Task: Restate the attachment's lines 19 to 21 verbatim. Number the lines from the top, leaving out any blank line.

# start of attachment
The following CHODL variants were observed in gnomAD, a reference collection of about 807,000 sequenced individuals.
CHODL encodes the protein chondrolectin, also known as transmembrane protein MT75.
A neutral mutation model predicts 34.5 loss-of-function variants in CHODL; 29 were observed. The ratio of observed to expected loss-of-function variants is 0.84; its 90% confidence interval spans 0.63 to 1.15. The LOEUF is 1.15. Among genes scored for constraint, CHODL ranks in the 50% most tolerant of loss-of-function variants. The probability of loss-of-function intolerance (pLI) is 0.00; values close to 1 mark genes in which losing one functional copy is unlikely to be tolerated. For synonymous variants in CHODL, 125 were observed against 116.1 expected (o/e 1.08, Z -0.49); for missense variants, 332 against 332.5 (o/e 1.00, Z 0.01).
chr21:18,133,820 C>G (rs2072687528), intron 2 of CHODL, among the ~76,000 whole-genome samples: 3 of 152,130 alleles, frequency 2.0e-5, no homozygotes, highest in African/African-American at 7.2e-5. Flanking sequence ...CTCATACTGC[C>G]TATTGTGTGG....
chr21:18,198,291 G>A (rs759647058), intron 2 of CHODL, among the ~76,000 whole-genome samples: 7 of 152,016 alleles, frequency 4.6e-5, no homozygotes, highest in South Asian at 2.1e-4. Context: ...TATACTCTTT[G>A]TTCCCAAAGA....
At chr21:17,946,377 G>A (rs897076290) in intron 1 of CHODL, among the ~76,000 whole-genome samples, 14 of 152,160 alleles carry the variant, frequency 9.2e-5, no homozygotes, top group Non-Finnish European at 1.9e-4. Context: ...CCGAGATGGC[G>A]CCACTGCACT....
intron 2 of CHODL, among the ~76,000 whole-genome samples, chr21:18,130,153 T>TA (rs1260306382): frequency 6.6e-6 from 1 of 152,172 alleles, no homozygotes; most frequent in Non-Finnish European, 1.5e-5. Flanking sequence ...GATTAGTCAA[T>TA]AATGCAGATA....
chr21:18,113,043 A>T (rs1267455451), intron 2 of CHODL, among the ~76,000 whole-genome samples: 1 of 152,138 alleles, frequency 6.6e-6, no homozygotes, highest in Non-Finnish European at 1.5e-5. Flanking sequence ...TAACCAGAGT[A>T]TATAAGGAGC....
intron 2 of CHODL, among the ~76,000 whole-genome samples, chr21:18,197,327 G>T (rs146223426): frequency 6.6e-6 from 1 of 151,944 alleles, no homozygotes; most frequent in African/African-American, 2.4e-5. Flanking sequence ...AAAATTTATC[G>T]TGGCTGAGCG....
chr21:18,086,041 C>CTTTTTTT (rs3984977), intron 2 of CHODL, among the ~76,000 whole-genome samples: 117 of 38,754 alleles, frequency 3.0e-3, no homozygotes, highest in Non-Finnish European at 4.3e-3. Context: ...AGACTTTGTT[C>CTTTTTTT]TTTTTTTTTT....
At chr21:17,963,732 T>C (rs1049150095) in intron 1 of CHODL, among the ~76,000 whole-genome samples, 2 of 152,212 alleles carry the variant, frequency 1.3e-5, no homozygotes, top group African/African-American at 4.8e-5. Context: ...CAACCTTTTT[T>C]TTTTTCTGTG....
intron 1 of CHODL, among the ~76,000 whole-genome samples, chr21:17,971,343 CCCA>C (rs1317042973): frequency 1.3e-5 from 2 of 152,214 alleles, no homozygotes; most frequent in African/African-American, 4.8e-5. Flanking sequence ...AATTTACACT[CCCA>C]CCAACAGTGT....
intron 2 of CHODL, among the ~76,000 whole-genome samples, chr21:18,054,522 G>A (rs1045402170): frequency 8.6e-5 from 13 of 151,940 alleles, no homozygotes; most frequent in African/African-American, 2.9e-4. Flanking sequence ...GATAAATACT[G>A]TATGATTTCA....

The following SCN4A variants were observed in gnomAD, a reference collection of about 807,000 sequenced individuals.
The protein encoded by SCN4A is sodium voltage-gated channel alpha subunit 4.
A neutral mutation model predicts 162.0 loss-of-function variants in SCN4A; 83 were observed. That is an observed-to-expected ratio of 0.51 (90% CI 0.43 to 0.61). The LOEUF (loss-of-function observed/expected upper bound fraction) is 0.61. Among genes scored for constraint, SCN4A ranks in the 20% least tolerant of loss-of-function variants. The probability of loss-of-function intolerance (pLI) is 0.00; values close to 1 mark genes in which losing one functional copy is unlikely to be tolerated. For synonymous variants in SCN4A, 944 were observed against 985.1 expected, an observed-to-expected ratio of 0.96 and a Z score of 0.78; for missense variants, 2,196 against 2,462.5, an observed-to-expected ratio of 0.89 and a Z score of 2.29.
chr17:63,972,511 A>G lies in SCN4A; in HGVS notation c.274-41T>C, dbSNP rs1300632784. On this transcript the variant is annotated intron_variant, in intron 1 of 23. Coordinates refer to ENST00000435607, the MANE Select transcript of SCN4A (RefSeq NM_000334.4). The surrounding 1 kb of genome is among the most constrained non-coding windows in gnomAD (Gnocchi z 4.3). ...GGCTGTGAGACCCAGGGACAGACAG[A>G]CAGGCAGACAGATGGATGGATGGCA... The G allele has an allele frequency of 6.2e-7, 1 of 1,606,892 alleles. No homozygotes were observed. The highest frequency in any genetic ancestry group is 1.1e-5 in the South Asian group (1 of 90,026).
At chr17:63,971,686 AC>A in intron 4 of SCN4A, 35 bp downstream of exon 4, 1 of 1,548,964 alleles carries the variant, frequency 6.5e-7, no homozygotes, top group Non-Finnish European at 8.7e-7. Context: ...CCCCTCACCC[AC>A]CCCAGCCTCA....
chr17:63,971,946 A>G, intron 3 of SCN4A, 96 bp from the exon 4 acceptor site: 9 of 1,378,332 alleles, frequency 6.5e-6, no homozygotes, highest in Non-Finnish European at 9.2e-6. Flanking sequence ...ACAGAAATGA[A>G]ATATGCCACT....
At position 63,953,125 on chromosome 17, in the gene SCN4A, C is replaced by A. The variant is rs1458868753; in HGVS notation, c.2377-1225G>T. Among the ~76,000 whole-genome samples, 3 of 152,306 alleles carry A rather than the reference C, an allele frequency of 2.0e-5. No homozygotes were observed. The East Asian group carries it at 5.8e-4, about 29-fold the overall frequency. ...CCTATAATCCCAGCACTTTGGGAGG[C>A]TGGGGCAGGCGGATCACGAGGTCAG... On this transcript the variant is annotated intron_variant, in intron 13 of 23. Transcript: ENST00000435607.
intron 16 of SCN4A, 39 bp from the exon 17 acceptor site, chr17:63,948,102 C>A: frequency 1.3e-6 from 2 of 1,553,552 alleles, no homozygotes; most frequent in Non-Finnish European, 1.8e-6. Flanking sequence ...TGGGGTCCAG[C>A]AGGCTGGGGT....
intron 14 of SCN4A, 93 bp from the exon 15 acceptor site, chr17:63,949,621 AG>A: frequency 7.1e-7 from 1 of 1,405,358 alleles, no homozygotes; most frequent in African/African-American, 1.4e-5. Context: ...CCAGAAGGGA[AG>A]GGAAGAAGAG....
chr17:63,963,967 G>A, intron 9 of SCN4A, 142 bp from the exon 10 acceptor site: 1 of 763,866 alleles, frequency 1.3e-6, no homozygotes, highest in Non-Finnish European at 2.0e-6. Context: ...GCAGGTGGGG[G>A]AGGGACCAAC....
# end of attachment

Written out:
chr17:63,971,946 A>G, intron 3 of SCN4A, 96 bp from the exon 4 acceptor site: 9 of 1,378,332 alleles, frequency 6.5e-6, no homozygotes, highest in Non-Finnish European at 9.2e-6. Flanking sequence ...ACAGAAATGA[A>G]ATATGCCACT....
At position 63,953,125 on chromosome 17, in the gene SCN4A, C is replaced by A. The variant is rs1458868753; in HGVS notation, c.2377-1225G>T. Among the ~76,000 whole-genome samples, 3 of 152,306 alleles carry A rather than the reference C, an allele frequency of 2.0e-5. No homozygotes were observed. The East Asian group carries it at 5.8e-4, about 29-fold the overall frequency. ...CCTATAATCCCAGCACTTTGGGAGG[C>A]TGGGGCAGGCGGATCACGAGGTCAG... On this transcript the variant is annotated intron_variant, in intron 13 of 23. Transcript: ENST00000435607.
intron 16 of SCN4A, 39 bp from the exon 17 acceptor site, chr17:63,948,102 C>A: frequency 1.3e-6 from 2 of 1,553,552 alleles, no homozygotes; most frequent in Non-Finnish European, 1.8e-6. Flanking sequence ...TGGGGTCCAG[C>A]AGGCTGGGGT....